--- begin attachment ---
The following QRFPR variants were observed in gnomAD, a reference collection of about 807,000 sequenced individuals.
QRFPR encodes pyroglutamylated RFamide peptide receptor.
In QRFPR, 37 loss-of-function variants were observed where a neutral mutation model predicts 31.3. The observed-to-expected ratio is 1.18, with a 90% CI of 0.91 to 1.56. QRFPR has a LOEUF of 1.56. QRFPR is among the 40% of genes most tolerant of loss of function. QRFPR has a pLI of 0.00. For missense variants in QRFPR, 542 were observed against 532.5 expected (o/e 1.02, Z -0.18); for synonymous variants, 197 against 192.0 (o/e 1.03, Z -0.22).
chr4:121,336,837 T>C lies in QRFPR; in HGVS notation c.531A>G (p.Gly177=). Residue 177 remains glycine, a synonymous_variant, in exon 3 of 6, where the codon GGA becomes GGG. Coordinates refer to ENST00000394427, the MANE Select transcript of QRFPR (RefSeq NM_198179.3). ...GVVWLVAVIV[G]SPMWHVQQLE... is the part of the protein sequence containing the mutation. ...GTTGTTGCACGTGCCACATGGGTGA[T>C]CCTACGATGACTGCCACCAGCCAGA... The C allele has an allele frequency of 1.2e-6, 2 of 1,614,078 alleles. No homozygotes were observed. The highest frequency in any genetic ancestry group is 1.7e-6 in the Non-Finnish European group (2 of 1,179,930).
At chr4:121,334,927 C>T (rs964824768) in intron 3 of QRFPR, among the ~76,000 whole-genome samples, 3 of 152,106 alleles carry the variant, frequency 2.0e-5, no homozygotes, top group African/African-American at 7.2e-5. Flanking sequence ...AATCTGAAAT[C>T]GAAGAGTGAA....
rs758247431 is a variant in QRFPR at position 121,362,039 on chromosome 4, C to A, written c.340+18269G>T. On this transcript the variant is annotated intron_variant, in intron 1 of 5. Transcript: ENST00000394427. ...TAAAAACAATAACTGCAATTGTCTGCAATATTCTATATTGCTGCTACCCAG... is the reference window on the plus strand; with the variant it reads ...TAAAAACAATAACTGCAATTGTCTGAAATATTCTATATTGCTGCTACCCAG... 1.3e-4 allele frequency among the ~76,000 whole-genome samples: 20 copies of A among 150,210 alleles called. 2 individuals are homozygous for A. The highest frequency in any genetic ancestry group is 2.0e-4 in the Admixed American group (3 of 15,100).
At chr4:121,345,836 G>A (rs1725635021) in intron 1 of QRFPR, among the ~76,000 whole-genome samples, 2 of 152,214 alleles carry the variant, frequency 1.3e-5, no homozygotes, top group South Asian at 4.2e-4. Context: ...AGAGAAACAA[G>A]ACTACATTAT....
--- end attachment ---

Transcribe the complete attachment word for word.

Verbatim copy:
The following QRFPR variants were observed in gnomAD, a reference collection of about 807,000 sequenced individuals.
QRFPR encodes pyroglutamylated RFamide peptide receptor.
In QRFPR, 37 loss-of-function variants were observed where a neutral mutation model predicts 31.3. The observed-to-expected ratio is 1.18, with a 90% CI of 0.91 to 1.56. QRFPR has a LOEUF of 1.56. QRFPR is among the 40% of genes most tolerant of loss of function. QRFPR has a pLI of 0.00. For missense variants in QRFPR, 542 were observed against 532.5 expected (o/e 1.02, Z -0.18); for synonymous variants, 197 against 192.0 (o/e 1.03, Z -0.22).
chr4:121,336,837 T>C lies in QRFPR; in HGVS notation c.531A>G (p.Gly177=). Residue 177 remains glycine, a synonymous_variant, in exon 3 of 6, where the codon GGA becomes GGG. Coordinates refer to ENST00000394427, the MANE Select transcript of QRFPR (RefSeq NM_198179.3). ...GVVWLVAVIV[G]SPMWHVQQLE... is the part of the protein sequence containing the mutation. ...GTTGTTGCACGTGCCACATGGGTGA[T>C]CCTACGATGACTGCCACCAGCCAGA... The C allele has an allele frequency of 1.2e-6, 2 of 1,614,078 alleles. No homozygotes were observed. The highest frequency in any genetic ancestry group is 1.7e-6 in the Non-Finnish European group (2 of 1,179,930).
At chr4:121,334,927 C>T (rs964824768) in intron 3 of QRFPR, among the ~76,000 whole-genome samples, 3 of 152,106 alleles carry the variant, frequency 2.0e-5, no homozygotes, top group African/African-American at 7.2e-5. Flanking sequence ...AATCTGAAAT[C>T]GAAGAGTGAA....
rs758247431 is a variant in QRFPR at position 121,362,039 on chromosome 4, C to A, written c.340+18269G>T. On this transcript the variant is annotated intron_variant, in intron 1 of 5. Transcript: ENST00000394427. ...TAAAAACAATAACTGCAATTGTCTGCAATATTCTATATTGCTGCTACCCAG... is the reference window on the plus strand; with the variant it reads ...TAAAAACAATAACTGCAATTGTCTGAAATATTCTATATTGCTGCTACCCAG... 1.3e-4 allele frequency among the ~76,000 whole-genome samples: 20 copies of A among 150,210 alleles called. 2 individuals are homozygous for A. The highest frequency in any genetic ancestry group is 2.0e-4 in the Admixed American group (3 of 15,100).
At chr4:121,345,836 G>A (rs1725635021) in intron 1 of QRFPR, among the ~76,000 whole-genome samples, 2 of 152,214 alleles carry the variant, frequency 1.3e-5, no homozygotes, top group South Asian at 4.2e-4. Context: ...AGAGAAACAA[G>A]ACTACATTAT....